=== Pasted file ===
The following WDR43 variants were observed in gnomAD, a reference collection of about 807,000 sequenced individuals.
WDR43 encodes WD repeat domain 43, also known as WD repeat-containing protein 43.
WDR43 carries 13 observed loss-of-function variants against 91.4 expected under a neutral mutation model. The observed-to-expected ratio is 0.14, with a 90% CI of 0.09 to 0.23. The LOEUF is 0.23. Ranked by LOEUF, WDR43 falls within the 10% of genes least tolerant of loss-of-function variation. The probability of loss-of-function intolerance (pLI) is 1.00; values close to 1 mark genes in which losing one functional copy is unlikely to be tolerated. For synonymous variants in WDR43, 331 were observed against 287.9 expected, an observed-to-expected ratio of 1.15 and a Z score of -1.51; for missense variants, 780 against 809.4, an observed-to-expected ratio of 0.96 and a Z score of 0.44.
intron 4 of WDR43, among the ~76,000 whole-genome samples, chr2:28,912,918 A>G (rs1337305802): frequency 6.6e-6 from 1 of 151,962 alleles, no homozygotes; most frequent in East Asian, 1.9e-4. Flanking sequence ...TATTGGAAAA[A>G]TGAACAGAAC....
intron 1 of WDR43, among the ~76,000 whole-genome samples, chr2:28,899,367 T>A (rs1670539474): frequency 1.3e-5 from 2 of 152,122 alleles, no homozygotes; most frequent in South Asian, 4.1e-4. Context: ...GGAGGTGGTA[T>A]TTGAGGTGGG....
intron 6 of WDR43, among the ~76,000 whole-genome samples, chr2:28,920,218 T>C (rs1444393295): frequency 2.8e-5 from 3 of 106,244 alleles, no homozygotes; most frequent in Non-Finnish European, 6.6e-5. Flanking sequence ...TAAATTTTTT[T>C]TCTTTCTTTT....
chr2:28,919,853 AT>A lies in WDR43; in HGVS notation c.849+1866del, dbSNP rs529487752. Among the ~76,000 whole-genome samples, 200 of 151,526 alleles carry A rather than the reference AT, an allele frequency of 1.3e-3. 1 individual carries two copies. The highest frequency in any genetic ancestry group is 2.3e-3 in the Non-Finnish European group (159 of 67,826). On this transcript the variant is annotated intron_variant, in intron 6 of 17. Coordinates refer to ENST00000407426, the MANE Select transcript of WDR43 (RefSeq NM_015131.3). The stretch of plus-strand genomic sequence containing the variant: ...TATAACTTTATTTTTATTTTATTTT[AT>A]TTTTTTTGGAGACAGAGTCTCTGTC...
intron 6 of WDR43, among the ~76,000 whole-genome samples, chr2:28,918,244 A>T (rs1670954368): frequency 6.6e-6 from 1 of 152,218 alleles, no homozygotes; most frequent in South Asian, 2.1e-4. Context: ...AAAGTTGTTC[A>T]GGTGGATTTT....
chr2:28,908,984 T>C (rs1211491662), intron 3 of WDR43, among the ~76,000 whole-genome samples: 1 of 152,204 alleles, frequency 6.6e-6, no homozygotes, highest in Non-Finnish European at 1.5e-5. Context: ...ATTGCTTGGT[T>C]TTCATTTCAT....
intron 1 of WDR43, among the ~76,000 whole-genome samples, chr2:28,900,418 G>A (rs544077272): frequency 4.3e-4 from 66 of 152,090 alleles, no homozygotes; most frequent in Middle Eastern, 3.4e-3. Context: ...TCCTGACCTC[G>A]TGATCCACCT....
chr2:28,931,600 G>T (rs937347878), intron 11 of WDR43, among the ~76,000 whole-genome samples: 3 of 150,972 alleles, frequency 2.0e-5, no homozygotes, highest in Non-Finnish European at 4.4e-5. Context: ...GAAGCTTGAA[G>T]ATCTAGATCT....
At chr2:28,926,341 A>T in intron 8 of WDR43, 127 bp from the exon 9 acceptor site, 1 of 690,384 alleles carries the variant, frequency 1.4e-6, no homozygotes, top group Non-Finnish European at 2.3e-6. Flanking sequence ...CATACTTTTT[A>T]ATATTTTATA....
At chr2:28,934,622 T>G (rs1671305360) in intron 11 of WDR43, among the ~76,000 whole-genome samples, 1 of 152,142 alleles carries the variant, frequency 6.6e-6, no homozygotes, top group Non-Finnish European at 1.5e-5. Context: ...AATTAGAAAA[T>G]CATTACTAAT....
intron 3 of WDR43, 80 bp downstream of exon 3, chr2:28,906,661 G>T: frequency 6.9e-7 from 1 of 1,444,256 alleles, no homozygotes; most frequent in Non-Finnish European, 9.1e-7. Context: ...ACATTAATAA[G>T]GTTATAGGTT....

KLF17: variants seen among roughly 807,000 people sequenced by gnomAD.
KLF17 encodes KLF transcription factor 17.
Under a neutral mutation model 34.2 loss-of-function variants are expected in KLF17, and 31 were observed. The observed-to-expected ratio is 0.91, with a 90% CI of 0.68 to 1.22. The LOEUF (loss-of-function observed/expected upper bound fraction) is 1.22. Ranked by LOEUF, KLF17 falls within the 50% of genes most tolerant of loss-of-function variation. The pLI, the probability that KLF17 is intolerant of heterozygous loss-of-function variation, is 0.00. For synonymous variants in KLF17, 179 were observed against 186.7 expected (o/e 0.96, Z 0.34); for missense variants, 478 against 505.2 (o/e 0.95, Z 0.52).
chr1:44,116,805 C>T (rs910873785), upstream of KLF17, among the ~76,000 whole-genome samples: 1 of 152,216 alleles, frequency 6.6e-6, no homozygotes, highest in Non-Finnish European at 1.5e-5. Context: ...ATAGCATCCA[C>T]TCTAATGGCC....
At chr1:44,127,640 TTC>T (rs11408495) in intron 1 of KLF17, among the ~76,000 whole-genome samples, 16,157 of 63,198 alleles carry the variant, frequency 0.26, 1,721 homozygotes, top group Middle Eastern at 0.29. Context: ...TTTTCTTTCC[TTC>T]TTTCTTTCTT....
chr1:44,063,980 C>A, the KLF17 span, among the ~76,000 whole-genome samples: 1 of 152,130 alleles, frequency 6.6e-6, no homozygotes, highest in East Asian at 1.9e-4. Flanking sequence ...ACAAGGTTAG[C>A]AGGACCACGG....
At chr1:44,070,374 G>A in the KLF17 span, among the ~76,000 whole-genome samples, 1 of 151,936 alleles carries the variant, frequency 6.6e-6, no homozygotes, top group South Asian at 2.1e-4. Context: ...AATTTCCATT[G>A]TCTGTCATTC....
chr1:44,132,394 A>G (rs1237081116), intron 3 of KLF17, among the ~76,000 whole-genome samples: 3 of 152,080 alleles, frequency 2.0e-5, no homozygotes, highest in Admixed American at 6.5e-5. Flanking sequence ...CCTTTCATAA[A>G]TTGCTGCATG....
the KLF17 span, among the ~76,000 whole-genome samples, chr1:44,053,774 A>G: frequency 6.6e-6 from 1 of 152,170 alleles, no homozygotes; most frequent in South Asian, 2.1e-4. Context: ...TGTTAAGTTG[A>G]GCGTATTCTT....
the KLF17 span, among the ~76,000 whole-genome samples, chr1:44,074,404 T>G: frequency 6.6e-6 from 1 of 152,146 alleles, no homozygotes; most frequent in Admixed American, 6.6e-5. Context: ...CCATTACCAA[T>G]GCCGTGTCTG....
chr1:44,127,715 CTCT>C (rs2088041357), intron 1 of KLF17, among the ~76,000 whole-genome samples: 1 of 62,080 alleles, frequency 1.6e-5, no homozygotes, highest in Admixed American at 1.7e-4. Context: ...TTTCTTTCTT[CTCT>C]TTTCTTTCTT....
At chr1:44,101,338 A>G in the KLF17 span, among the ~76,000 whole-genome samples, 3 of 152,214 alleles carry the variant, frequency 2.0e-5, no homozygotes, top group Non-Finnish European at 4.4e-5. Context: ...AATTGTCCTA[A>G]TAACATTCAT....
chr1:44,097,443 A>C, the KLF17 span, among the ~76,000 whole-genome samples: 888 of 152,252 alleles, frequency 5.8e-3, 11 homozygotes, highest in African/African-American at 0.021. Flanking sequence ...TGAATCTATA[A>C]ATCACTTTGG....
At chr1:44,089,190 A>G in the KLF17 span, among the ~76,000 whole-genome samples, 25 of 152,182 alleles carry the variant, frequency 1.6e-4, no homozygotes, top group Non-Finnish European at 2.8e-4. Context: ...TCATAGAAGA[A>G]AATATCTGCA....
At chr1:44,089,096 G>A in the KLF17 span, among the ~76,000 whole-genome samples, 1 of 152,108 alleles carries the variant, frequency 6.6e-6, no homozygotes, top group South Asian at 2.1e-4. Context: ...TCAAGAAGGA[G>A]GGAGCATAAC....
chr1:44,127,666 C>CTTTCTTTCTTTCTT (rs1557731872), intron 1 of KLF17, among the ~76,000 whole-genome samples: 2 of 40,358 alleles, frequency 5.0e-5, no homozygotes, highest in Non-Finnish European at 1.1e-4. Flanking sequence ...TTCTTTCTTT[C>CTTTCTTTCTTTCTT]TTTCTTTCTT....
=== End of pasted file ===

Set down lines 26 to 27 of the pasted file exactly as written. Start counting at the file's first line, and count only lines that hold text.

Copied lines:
At chr1:44,101,338 A>G in the KLF17 span, among the ~76,000 whole-genome samples, 3 of 152,214 alleles carry the variant, frequency 2.0e-5, no homozygotes, top group Non-Finnish European at 4.4e-5. Context: ...AATTGTCCTA[A>G]TAACATTCAT....
chr1:44,097,443 A>C, the KLF17 span, among the ~76,000 whole-genome samples: 888 of 152,252 alleles, frequency 5.8e-3, 11 homozygotes, highest in African/African-American at 0.021. Flanking sequence ...TGAATCTATA[A>C]ATCACTTTGG....